4. Use of the Youth Risk Behavior Survey to Monitor Trends for Nutrition and Physical Activity in a Midwest City School District

    ERIC Educational Resources Information Center

    Edwards, Jane U.; Magel, Rhonda

    2007-01-01

    Background: The Youth Risk Behavior Survey (YRBS) was used by a city school district (approximately 11,000 students) in the upper Midwest to monitor trends for nutrition and physical activity (PA) behaviors both within and between years and to compare with national 2003 data. Methods: Independent random samples were obtained in 1999 (387 middle…

  5. Time-Limited, Structured Youth Mentoring and Adolescent Problem Behaviors

    ERIC Educational Resources Information Center

    Weiler, Lindsey M.; Haddock, Shelley A.; Zimmerman, Toni S.; Henry, Kimberly L.; Krafchick, Jennifer L.; Youngblade, Lise M.

    2015-01-01

    Youth mentoring can have a profound impact on the lives of high-risk youth. This study presents the Campus Corps program, a time-limited (12-week), structured mentoring program for high-risk youth (ages 11--18), and results from a quasi-experimental pilot evaluation. Baseline and post-intervention problem behavior data from 315 offending youth…

  6. HIV sexual risk behaviors in youth 15-24 years of age in Cali, Colombia: Do differences exist among neighborhoods?

    PubMed Central

    Palacio, Hannia; Mateus, Julio C

    2013-01-01

    Introduction: HIV/AIDS is a global health priority. About 40% of new infections occur among heterosexual youth by means of sexual contact. In Cali, district 13, 15 and 20 account for 11.5% of the prevalent cases and 18.0% of incident cases. Objective: To establish differences in risk behaviors for HIV among young people 15-24 yrs of age from two areas of Cali, Colombia. Methods: We carried out a cross-sectional study among young people between 15 and 24 yrs of age in these districts. The selection was done with a two-stage probability sampling. We estimated the prevalence of sexual relationships without condom usage, sex with multiple partners, and sex under the effects of alcohol and through logistical regression we identified the related factors. Results: In district 13, 15 and 20, the prevalence of unprotected sexual relationships in the last 12 months and the prevalence of sex with two or more partners was 70%; and 38% of young people had sex under the effects of alcohol. In both areas, the intention was positively related to the risk behaviors. We found socio-demographic factors, intentions, and beliefs that increase the opportunity to display these behaviors. The effect of these factors differs by district. Conclusions: We observed a high prevalence of risk behaviors for HIV related to socio-demographic factors, intentions and beliefs that warrant interventions appropriate for local realities. PMID:24892451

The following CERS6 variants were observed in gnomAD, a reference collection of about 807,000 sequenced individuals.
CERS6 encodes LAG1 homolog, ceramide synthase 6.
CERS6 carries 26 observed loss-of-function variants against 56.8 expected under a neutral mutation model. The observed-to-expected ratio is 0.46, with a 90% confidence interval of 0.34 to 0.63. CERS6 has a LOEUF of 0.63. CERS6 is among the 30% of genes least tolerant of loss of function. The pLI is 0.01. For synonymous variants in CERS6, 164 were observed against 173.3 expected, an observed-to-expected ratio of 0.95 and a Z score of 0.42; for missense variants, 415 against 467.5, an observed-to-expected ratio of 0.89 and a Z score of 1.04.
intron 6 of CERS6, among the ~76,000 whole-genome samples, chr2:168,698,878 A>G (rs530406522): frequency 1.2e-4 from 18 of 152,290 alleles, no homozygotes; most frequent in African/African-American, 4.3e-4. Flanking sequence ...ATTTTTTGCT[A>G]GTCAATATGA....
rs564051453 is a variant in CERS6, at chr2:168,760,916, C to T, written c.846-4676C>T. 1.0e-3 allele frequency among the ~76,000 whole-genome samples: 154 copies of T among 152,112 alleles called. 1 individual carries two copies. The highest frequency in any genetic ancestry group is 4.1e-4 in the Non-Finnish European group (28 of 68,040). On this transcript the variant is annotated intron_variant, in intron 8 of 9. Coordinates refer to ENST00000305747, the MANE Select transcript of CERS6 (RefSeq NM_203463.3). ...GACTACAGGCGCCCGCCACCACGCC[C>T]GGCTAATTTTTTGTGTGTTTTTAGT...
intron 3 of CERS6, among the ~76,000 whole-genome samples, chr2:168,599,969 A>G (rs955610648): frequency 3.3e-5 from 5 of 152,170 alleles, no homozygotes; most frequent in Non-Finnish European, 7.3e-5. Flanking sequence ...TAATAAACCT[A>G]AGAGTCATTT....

7. Countervailing Social Network Influences on Problem Behaviors among Homeless Youth

    ERIC Educational Resources Information Center

    Rice, Eric; Stein, Judith A.; Milburn, Norweeta

    2008-01-01

    The impact of countervailing social network influences (i.e., pro-social, anti-social or HIV risk peers) on problem behaviors (i.e., HIV drug risk, HIV sex risk or anti-social behaviors) among 696 homeless youth was assessed using structural equation modeling. Results revealed that older youth were less likely to report having pro-social peers and…